I once saw an elephant walk through midtown Manhattan in the middle of the night.
Standing waiting to cross the street, I looked up at the traffic signal, then down at the exit of the Midtown Tunnel where cars generally came careening out. It was quiet for once. Then the elephant walked out, followed by another elephant, and these followed by a man with a shovel and a bucket on wheels.
The cars heading south were still, headlights trained on the passing parade. The mouth of the tunnel, ordinarily a dull roar, was an illuminated processional, its gritty surfaces flooded with a golden glow. New York City pedestrians, a breed geared towards determined impatience stood obediently at their curbside posts to let the elephants and company pass by. It is difficult to maintain an air of studied disinterest when elephants walk by.
Around me, were a number of other faces similarly locked in astonishment. It was honestly hard to tell who was in on it–where the show started and ended really was blurred with the real places of the city. Were the trucks with their headlights on coincidentally illuminating the tunnel or were they part of the procession? A few minutes later, the light went green, cars and pedestrians who had paused continued back into the city streets filled with the memory of this unexpected occurrence. For those moments, the streets I walked routinely had been host to a spectacle that was anything but routine, casting that part of the city and those inhabitants into a collective gathering worthy of celebration. That this was an ordinary night (i.e., not a holiday) made the event substantial beyond the instance. Submitting to this street sighting offered alternatives to daily reality through changes in individual relationships to the city and to each other, offering everyone present a liberation from routine.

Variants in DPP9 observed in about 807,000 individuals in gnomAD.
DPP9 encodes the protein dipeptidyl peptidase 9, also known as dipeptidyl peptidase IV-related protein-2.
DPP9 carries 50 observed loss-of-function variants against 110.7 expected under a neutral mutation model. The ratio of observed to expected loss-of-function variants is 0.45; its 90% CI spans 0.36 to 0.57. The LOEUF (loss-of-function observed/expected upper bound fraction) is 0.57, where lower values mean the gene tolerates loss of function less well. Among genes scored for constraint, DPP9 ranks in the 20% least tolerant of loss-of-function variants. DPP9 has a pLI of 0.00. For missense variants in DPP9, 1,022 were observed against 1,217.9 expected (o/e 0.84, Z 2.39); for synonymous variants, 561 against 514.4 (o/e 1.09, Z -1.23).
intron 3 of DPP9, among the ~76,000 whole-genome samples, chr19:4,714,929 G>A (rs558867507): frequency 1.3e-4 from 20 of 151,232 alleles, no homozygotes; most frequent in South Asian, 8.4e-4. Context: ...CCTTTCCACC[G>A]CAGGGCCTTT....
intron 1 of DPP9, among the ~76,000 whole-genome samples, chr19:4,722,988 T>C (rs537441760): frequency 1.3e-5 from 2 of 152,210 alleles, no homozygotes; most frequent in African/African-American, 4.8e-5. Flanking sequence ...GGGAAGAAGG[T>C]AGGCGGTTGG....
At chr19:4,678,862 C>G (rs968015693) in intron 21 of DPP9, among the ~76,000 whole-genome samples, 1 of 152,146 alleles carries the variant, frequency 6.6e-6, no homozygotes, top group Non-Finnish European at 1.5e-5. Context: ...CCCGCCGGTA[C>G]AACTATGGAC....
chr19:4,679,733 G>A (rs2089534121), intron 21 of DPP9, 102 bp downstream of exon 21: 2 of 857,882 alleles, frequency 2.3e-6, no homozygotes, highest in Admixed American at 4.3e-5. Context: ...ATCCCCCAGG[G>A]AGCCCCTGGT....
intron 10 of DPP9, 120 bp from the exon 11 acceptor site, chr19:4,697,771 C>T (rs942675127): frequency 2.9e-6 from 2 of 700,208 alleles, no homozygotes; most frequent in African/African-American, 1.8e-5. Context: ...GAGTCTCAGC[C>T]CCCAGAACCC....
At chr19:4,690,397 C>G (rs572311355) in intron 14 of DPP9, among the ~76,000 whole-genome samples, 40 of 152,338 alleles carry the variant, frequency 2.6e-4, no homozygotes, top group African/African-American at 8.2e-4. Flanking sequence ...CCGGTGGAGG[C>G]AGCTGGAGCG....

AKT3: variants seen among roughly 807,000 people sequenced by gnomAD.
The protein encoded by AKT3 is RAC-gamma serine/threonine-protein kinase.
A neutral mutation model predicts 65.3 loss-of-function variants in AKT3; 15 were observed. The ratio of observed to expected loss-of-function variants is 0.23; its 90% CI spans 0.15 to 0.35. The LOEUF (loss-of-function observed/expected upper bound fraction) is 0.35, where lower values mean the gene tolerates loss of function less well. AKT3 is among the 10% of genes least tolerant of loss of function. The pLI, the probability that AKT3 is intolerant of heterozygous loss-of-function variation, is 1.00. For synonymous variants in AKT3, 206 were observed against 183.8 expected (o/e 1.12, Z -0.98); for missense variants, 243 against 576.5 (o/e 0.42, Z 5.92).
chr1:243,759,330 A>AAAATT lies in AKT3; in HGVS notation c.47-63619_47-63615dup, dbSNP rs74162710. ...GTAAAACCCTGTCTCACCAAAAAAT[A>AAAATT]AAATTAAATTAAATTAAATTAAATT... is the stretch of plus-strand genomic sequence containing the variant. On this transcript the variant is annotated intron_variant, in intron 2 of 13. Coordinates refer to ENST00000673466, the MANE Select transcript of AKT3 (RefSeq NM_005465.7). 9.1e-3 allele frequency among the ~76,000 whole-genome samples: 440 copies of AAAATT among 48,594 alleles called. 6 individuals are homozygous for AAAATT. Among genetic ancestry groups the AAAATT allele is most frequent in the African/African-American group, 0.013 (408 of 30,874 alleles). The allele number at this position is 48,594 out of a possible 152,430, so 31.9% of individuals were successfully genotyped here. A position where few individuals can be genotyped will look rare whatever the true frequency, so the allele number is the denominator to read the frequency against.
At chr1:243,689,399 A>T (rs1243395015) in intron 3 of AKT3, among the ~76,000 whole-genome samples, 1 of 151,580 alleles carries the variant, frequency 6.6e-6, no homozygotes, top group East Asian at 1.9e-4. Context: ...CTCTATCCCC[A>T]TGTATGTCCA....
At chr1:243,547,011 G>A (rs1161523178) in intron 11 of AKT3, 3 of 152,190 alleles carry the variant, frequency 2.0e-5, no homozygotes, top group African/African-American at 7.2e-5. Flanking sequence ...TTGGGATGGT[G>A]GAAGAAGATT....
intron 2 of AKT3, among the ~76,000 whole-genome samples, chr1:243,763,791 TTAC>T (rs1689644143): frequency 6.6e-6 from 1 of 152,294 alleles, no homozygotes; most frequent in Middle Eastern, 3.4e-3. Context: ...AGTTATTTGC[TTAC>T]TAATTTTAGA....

This sighting, for me, provoked a quest for seeking out and concocting events with an air of the unexpected, and the out of place.
Each of these components–the elephant procession, the coincidental gathering of people in the city, the man with the bucket–holds aspirations for me in creating unexpected events. Using seemingly utilitarian objects and tasks (the man with the bucket) alongside eccentric objects (the elephant) in everyday places these events offer interruptions as a way to build social situations, and to prompt questions of what might be possible.
I like to think that my work could be someone else’s elephant.
Selected media for EverydayPlaces/Nick Tobier
Nick Tobier on Tonight at TheCAID
Toronto Streetcar Project in The National Post of Canada
Field of Our Dreams in Fuse Magazine
Public Television profile
Nick Tobier in Why?